Goodbye Freedom

As everyone knows, newspapers are in decline. Fewer people than ever are buying the paper. In some markets, certain newspapers have closed their doors, while others have lightened their loads by trimming staff or changing from home delivery to mail. It is widely held that the reason for this is the widespread availability of news on the internet.

Buyer beware: the news you get from the internet is not necessarily the same as the news you get from a “real” news product. By that I mean, for example, who would you trust to cover a city council meeting; a local news reporter, or some dude with a Twitter account and an iPhone? And don’t even get me started about television “news” coverage.

Newspapers are known as the Fourth Estate for a reason: it is their purpose to be the watch dog and the guard dog of truth. Since they are disappearing, you might soon be on your own.

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4 Comments

  1. Truer words were never spoken. For the most part, TV “news” should be classified as “entertainment.” They’re only really useful for immediate coverage, when people across the world need to know *right now* what’s happening, and if they’re in danger.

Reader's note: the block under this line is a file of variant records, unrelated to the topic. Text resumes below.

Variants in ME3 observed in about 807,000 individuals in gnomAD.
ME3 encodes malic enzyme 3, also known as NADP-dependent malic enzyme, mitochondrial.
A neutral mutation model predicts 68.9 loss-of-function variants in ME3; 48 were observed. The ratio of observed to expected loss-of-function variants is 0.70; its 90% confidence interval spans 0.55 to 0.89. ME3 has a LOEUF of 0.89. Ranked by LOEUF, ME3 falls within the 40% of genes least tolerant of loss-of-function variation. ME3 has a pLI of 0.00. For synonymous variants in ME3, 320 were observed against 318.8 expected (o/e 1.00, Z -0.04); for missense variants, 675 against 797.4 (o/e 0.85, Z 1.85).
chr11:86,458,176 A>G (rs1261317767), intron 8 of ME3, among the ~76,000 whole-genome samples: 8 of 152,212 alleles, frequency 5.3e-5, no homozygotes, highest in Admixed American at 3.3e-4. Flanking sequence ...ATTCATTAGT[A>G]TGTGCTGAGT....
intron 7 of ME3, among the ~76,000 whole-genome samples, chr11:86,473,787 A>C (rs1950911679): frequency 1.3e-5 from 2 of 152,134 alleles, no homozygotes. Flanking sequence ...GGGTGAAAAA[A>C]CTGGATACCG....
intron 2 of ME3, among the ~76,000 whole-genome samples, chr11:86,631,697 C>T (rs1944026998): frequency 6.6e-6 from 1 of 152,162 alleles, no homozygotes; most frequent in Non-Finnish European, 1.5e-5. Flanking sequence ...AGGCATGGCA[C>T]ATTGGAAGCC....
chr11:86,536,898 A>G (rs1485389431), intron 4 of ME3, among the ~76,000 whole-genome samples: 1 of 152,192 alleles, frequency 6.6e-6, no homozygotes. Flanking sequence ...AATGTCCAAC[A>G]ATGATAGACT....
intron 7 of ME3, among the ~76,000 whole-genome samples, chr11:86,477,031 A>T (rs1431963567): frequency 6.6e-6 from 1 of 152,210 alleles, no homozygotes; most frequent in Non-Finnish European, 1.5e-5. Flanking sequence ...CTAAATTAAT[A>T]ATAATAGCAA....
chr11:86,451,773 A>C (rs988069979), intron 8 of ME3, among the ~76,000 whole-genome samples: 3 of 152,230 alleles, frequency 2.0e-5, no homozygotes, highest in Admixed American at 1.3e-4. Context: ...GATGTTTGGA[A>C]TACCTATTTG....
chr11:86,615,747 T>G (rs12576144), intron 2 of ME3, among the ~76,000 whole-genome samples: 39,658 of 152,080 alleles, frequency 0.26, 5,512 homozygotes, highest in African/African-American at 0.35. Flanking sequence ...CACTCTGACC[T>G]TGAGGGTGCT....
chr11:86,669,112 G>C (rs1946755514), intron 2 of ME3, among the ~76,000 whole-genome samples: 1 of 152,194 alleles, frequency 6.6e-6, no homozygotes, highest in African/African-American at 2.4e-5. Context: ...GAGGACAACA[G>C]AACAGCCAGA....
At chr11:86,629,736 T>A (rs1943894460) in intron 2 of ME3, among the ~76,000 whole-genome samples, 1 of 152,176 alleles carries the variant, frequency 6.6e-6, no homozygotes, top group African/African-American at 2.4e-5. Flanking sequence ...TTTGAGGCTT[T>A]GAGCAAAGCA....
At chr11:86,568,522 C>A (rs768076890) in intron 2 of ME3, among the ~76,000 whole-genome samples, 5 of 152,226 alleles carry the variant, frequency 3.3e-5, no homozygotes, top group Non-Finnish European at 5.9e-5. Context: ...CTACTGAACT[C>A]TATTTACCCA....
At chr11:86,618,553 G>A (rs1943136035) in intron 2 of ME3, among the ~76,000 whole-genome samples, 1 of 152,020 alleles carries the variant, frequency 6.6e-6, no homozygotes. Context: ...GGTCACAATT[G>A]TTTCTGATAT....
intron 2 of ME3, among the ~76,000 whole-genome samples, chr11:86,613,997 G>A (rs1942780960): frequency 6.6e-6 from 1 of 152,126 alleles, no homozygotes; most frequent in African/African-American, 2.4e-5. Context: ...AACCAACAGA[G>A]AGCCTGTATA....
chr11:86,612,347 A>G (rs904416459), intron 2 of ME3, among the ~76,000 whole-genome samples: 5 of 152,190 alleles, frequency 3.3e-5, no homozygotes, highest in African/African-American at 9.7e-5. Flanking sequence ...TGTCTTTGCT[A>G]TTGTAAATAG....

For actually getting the meat of the story, old-style newspapers did such a better job.

    But even the newspapers that are still “thriving” are getting kind of pathetic. My own former employer is one of those. I may have been part of its downturn; I’m not sure. But compare any current issue to any issue from, say, 15-20 years ago, and you’ll see what I mean.

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  2. My boss’s husband insists that newspapers will be saved by the grace of Kindle and other e-reader subscriptions. What do you guys think? Would a focus on subscription and online “rack” sales instead of advertising revenue be enough to keep papers afloat?

    The president said earlier this year that he would be open to a bailout of sorts to newspapers, granting them special tax-exemptions in exchange for the papers going non-profit. Personally I like this option, but I’m curious how a switch from private to non-profit would affect staff sizes.

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  3. I cannot imagine a world without newspapers. I too have heard that the Kindle may be the redemption of the newspaper but it is still not the same thing. I wish that some genious would come up with a clever marketing campaign to save the newspaper. I don’t think it’s the electronic age as much as it is that people don’t have time to read it anymore though. I once had the police come in my home to search because of newspapers piling up outside on my porch. I was very busy that week and didn’t pick them up. I came home and the cops were searching my home. I still wonder why they didn’t check with my neighbors, but I was livng in Lawton at the time.

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